WHAT TO DO IF YOU LOSE POWER
Check your meter if you are able to. If the meter is blank, report your outage below. If the meter has a display, check your fuses or breakers. Any issues from the meter pole to your house/building are your responsibility. If you report an outage and we visit your location, and the problem is not on the co-op's side, you may be charged a fee.
Check with your neighbors to see if their power is also off.
Report your outage using the options below.
- High winds
- Ice or snow
- Farm equipment or vehicle contact with poles
- Trees in contact with lines
- High power demand causing an overload
Stay away and call us.
ALWAYS assume downed lines are live and STAY AWAY. Call us 24/7 at (800) 833-8876 to report any downed line or car vs. pole accident.
Stay in your car.
If a power line comes down on your car stay in the vehicle (unless there's a fire) until utility crews tell you that you can exit. Don't touch any metal in the vehicle. If people come near to help, tell them to stay away and call 911 and Midland Power at 800-833-8876.
Jump then shuffle, don't run.
If you have to exit a vehicle with a downed wire on it because of a fire, open the door but do not step out of the car. Instead, keeping both feet together, jump free of the car so that your body clears the vehicle before touching the ground. Once you clear the vehicle, shuffle at least 50 feet away with both feet on the ground.
Ever had your lights blink for just a split second or 5 seconds?
We call that a power blink - a brief interruption that's designed to prevent an extended power outage. Blinks occur when an object, such as a tree limb, comes into contact with a power line or other equipment.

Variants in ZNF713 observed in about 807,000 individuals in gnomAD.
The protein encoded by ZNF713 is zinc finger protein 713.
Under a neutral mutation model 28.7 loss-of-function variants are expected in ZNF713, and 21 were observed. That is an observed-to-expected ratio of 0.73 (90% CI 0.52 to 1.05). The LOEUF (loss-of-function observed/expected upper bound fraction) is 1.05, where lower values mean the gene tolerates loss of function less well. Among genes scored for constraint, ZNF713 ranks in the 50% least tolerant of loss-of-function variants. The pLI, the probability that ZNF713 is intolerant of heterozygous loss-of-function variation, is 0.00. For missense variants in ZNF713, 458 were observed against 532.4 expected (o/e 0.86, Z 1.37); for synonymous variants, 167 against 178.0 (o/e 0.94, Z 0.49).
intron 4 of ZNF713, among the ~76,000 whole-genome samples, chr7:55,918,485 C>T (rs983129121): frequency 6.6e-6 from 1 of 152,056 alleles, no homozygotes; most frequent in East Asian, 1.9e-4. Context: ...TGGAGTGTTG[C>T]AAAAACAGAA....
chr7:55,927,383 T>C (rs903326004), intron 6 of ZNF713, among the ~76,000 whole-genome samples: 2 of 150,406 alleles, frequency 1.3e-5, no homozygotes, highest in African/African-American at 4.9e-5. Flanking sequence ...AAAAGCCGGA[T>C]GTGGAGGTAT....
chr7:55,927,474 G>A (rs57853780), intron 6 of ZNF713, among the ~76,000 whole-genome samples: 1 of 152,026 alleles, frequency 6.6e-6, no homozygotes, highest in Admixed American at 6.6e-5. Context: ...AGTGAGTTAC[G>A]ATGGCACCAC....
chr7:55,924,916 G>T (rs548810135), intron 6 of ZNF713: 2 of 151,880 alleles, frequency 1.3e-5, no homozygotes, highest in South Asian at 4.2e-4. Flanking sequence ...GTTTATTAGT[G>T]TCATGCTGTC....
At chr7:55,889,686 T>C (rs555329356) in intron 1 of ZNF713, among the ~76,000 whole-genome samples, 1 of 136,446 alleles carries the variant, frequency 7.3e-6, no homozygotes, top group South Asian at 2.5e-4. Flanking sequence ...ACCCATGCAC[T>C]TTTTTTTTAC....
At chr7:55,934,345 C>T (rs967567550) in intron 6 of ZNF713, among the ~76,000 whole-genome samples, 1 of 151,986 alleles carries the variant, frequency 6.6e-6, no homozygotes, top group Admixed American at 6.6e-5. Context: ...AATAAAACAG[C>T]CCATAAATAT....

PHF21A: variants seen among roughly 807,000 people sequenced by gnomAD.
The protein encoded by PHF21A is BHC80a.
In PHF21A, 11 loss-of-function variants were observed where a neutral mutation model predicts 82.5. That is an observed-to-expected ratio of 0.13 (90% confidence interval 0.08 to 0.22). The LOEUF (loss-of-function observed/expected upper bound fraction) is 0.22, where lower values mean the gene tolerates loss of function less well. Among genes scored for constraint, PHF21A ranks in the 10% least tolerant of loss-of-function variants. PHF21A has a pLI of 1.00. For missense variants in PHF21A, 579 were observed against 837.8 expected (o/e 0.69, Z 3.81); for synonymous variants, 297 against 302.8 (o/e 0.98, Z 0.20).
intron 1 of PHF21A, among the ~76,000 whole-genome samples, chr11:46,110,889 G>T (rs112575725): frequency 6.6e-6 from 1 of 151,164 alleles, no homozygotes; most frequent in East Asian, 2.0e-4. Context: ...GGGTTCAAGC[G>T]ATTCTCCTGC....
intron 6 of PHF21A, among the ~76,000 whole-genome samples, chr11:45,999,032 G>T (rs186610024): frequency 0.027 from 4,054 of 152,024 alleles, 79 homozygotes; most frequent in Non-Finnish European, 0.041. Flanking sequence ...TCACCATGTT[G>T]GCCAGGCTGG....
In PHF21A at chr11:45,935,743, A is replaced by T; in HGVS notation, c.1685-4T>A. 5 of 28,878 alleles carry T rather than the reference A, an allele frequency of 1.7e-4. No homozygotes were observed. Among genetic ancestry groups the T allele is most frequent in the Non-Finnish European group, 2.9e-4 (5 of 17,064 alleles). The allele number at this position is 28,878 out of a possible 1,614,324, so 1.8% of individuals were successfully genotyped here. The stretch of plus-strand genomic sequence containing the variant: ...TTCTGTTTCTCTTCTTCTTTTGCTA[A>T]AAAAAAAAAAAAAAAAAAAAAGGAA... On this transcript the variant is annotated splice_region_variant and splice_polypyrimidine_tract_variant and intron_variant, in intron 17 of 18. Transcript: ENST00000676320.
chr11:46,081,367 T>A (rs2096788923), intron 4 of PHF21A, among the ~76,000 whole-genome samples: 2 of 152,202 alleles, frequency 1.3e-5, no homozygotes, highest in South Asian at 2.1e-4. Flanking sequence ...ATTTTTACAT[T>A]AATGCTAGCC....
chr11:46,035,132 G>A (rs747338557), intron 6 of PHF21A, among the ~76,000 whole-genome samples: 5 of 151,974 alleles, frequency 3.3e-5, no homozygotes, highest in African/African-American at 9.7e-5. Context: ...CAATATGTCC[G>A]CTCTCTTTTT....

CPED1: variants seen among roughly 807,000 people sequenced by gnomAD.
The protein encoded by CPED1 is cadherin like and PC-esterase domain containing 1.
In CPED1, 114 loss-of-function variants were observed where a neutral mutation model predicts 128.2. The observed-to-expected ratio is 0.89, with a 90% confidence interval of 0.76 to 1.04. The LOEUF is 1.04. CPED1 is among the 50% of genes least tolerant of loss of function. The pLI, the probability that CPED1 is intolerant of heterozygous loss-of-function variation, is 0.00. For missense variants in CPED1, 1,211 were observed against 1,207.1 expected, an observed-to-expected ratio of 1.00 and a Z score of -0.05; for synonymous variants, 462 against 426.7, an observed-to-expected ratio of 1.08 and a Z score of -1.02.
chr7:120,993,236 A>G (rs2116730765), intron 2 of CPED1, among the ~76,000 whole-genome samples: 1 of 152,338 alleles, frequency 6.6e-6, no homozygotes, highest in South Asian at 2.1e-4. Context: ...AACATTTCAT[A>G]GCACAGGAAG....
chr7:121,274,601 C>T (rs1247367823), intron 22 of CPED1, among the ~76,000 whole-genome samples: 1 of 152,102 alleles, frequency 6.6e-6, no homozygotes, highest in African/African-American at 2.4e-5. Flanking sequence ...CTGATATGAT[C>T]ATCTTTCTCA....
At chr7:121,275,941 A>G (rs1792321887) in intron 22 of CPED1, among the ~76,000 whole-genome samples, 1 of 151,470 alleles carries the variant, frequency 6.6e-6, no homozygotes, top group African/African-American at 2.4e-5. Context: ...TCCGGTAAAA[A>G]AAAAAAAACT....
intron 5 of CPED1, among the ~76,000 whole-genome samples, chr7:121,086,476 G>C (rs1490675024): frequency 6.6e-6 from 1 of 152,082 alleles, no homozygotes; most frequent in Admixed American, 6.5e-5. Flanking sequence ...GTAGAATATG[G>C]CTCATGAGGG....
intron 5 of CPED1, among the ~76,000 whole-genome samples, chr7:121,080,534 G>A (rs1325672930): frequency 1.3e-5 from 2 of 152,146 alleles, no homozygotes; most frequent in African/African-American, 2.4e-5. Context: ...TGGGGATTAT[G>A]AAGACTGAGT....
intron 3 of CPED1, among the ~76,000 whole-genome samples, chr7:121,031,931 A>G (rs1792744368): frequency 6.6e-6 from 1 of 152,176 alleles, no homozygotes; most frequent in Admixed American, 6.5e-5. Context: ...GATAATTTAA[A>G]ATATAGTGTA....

To prevent damage to the power line equipment or your home, a circuit breaker interrupts the electricity for a fraction of a second. There is no need to report such a blink as an outage. However, if you experience multiple blinks over the course of 24-48 hours, check your in-home breakers for any electrical issues. If no issues are found, call us anytime.
If the limb remains on the line, the breaker opens and tries to close again. If the obstruction is still on the line after the third try, the breaker opens and does not close automatically - requiring a crew dispatch and to report the outage.
- Make certain the generator is on an isolated circuit. If connected to your home’s wiring, it could back-feed and create a life-threatening situation for linemen working on power lines.
- Read the manufacturer’s instructions and learn how to operate and shut off your generator before you need to use it.
- Make sure the extension cord you use is in good shape and rated for a load greater than the total wattage of all connected appliances and other devices (125 volts x amps = watts).
- Keep the generator dry, and don’t operate it indoors or in an enclosed or partially enclosed area such as a garage or porch. Generators quickly can produce high levels of deadly carbon monoxide gas.